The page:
President Steven Leath told legislators Feb. 8 that any increase in state funding for fiscal year 2013 will be used to enhance the student learning experience at Iowa State and to help cover unavoidable cost increases.
In a meeting with members of the legislative joint education appropriations subcommittee, Leath said that Iowa State next fall expects to have a third consecutive record enrollment -- possibly topping 30,000 students -- while state support has been on a downward trend.
"We need your support," he told the subcommittee.
Leath appeared before the subcommittee, with the presidents of the universities of Iowa and Northern Iowa, the president and president pro tem of the state Board of Regents, and the superintendents of Iowa's two special schools.
Craig Lang, president of the board of regents, told the subcommittee the regents are requesting $470.8 million -- a $22 million increase -- in higher education operating appropriations for the year that begins July 1. He noted that state funding for the universities has declined 25 percent since FY09.
"The current trend is one of the state providing less monetary support than our students and their families are providing in tuition dollars," Lang said. "Today, the state provides less than 36 percent of general education funding, with 58 percent funded from student tuition. We would like to begin to reverse this trend."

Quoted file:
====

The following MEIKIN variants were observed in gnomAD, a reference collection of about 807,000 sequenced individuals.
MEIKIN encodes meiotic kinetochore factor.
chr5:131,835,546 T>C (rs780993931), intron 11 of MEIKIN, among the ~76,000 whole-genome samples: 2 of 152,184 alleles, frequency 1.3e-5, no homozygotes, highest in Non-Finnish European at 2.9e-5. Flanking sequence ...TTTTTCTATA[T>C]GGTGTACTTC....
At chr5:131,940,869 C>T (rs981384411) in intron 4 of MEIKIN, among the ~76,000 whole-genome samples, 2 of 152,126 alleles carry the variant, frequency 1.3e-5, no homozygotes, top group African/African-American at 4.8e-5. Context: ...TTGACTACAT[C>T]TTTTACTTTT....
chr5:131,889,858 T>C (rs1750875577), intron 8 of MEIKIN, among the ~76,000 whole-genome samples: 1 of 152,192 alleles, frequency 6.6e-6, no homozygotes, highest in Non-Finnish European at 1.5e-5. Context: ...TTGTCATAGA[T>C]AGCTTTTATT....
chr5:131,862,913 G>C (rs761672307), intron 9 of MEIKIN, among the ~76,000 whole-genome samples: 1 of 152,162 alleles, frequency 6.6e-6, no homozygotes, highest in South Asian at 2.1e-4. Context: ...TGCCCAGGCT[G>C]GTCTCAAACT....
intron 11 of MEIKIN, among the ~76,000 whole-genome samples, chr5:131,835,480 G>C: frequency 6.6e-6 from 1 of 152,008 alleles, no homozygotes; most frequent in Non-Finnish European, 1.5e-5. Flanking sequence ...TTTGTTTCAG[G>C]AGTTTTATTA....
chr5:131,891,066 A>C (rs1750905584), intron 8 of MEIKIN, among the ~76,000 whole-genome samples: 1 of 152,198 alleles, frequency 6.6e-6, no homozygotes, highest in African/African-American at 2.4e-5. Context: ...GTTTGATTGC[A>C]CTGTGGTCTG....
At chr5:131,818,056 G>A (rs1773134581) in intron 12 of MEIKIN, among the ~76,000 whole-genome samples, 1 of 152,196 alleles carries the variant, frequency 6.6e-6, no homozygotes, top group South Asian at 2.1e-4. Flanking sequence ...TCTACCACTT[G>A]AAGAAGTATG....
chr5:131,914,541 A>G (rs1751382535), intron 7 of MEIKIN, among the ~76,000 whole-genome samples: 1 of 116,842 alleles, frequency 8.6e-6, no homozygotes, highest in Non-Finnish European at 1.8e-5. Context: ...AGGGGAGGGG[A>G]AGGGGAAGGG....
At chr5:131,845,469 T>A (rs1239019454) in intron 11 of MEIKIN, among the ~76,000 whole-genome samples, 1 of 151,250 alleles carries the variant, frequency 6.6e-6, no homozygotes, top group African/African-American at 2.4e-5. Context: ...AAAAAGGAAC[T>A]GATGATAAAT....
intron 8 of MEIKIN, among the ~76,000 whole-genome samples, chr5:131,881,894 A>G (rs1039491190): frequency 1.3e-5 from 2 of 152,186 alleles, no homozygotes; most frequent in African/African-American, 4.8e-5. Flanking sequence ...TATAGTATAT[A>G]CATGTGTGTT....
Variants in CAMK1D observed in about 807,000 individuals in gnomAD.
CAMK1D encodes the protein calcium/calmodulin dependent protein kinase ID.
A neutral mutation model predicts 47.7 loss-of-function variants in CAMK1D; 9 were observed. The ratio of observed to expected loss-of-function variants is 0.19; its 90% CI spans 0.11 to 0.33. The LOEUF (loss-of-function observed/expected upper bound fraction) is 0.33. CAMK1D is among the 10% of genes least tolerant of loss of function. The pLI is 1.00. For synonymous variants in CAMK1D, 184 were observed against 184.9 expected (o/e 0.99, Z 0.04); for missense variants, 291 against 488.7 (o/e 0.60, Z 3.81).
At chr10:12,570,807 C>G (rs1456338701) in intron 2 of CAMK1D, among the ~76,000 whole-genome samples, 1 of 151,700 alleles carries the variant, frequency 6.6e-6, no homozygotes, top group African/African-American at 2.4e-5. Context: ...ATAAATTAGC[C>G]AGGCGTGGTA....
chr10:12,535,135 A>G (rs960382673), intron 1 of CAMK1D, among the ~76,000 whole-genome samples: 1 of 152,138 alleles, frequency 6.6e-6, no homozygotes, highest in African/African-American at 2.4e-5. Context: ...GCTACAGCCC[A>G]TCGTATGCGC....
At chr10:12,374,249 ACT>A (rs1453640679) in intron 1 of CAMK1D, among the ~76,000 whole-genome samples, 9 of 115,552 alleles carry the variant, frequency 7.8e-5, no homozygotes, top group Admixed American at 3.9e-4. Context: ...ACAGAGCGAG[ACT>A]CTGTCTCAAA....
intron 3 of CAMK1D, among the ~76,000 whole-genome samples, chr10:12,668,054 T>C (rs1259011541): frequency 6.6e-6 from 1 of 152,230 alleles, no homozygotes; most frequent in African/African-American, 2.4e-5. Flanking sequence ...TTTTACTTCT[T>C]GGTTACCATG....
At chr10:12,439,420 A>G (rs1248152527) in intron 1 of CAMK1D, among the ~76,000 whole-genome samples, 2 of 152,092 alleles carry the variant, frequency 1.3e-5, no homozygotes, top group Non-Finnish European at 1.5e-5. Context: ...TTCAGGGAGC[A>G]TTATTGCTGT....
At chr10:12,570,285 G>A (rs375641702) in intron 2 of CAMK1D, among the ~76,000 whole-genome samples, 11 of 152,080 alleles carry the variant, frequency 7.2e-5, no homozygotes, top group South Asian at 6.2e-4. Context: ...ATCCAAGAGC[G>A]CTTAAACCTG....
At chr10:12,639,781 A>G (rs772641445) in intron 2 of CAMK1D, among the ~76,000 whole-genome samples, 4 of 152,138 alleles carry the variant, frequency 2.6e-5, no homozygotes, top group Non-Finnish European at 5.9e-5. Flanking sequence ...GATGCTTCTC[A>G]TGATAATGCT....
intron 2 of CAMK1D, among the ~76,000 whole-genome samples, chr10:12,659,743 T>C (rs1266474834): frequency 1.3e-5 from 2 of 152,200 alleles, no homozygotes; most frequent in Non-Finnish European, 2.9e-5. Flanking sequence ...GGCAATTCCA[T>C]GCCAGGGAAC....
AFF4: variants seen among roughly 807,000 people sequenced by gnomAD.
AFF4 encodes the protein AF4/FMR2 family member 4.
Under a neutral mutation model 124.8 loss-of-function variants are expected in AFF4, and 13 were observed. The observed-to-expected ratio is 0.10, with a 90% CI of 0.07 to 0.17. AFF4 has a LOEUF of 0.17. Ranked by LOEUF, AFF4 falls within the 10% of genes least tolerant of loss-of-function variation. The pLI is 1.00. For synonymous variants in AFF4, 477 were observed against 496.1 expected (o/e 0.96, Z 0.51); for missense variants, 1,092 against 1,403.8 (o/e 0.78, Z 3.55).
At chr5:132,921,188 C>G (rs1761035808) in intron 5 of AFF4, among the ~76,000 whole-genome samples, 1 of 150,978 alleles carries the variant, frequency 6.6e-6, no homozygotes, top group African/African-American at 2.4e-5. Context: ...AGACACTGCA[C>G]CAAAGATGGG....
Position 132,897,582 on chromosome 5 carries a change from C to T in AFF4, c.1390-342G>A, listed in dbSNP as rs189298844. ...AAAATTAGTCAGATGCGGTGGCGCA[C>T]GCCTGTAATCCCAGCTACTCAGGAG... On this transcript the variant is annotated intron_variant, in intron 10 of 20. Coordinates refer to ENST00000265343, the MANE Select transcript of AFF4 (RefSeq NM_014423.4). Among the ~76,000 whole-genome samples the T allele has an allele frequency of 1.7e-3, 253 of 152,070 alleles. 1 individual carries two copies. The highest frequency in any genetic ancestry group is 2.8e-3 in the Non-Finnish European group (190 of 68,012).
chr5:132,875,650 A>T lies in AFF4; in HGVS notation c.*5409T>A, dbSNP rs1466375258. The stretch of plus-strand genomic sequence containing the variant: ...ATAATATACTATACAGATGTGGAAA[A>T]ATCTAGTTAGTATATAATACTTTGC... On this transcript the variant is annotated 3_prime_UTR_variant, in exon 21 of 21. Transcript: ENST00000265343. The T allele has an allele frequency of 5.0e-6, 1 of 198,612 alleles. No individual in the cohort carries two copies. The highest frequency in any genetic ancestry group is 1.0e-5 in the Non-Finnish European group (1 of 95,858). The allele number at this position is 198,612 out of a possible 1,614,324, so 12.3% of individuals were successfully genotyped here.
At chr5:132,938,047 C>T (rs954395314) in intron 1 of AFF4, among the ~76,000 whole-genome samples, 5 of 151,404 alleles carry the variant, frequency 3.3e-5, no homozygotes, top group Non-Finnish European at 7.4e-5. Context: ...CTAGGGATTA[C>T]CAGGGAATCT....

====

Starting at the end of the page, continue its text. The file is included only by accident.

Leath pointed to numerous steps taken by Iowa State to improve efficiency and accountability during years when state funding was significantly reduced. These included: merging two colleges, reorganizing and merging administrative functions in colleges, closing some research centers and institutes, and merging several information technology departments.
Among the regents' proposals for FY13 is a renewable energy and biosciences initiative that would involve Iowa State as well as the universities of Iowa and Northern Iowa. Leath, noting Iowa State's strong reputation in agriculture and biorenewables research, said the initiative has huge economic potential for the state.
Wednesday's appearance was President Leath's first before the subcommittee, and he told the legislators he was proud to serve as Iowa State's 15th president. He said Iowa State "has a unique and important mission as Iowa's land-grant university," and he outlined achievements under each of Iowa State's three responsibilities to the state of Iowa: providing a superior education to students, conducting research to solve real problems, and extending knowledge through extension and outreach.
"I'm going to work hard to give you confidence in Iowa State University," he said.